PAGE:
Florida

22 Cuban migrants land in the Florida Keys

A single-engine fishing boat floats off Big Pine Key. The vessel brought three men from Cuba to the Florida Keys on Sunday.
A single-engine fishing boat floats off Big Pine Key. The vessel brought three men from Cuba to the Florida Keys on Sunday. U.S. Border Patrol

Twenty-two Cuban migrants reached the shores of the Florida Keys over the weekend.

Shortly after midnight Sunday, 18 men and one woman set foot on Smathers Beach in Key West. They told U.S. Border Patrol agents they traveled two days on a “single-engine rustic vessel,” said Supervisory Border Patrol Agent Adam Hoffner.

Three men made landfall at 11 a.m. Sunday at Veterans Memorial Park at mile marker 40. They told agents they arrived after a two-day journey at sea on a single-engine fishing boat.

None of the migrants had medical issues, Hoffner said.

Since they made landfall, the men and women will likely be able to stay in the United States. Under the so-called wet-foot, dry-foot changes made to the 1966 Cuban Adjustment Act, Cubans who are caught at sea trying to enter the U.S. are sent back to their homeland. Those who step foot on U.S. soil can stay and apply for permanent residency after one year.

Migrant landings and interdictions at sea have both spiked recently. The numbers of Cubans entering all U.S. ports of arrival are also high above what they’ve been in previous years, according to the Pew Research Center.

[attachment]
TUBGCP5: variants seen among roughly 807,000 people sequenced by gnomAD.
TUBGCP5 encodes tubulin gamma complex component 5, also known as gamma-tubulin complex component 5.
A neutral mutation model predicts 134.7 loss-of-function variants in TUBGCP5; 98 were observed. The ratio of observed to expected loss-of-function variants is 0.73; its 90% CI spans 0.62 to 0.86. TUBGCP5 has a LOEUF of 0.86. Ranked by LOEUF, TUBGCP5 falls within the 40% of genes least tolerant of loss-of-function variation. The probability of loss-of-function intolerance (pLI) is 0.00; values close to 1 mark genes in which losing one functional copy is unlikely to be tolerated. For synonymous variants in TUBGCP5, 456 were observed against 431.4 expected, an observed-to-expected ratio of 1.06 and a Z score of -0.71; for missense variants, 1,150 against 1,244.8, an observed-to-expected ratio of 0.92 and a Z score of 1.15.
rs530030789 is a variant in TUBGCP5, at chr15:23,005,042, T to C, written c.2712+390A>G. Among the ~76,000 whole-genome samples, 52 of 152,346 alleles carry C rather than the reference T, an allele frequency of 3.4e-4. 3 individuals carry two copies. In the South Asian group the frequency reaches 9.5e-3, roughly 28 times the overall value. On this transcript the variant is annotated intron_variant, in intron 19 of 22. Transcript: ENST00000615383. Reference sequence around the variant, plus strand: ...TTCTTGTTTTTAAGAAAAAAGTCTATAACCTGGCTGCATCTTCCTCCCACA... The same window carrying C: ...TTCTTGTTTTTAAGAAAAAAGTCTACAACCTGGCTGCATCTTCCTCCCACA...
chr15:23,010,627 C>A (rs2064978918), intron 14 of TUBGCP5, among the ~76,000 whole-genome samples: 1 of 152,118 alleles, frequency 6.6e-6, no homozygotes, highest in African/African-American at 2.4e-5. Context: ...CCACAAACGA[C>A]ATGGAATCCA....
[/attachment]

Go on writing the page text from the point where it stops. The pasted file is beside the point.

The fiscal year ended Sept. 30, and by the end of August, U.S. Customs and Border Protection reported 46,635 Cubans had entered the country. In all of fiscal year 2015, 43,159 Cubans migrated here. That number was almost double the 24,278 who came in fiscal year 2014.

A main reason for the surge is Cubans fear their instant refugee classification under the Cold War-era Cuban Adjustment Act could soon end because of thawing diplomatic relations between Washington, D.C. and the Castro regime. The more favorably the Castros are viewed by the U.S. government, the more likely wet-foot, dry-foot will be considered outdated and unnecessary, and many in Cuba want to leave before that stance leads to a major policy shift on Cuban migration.

David Goodhue: 305-440-3204

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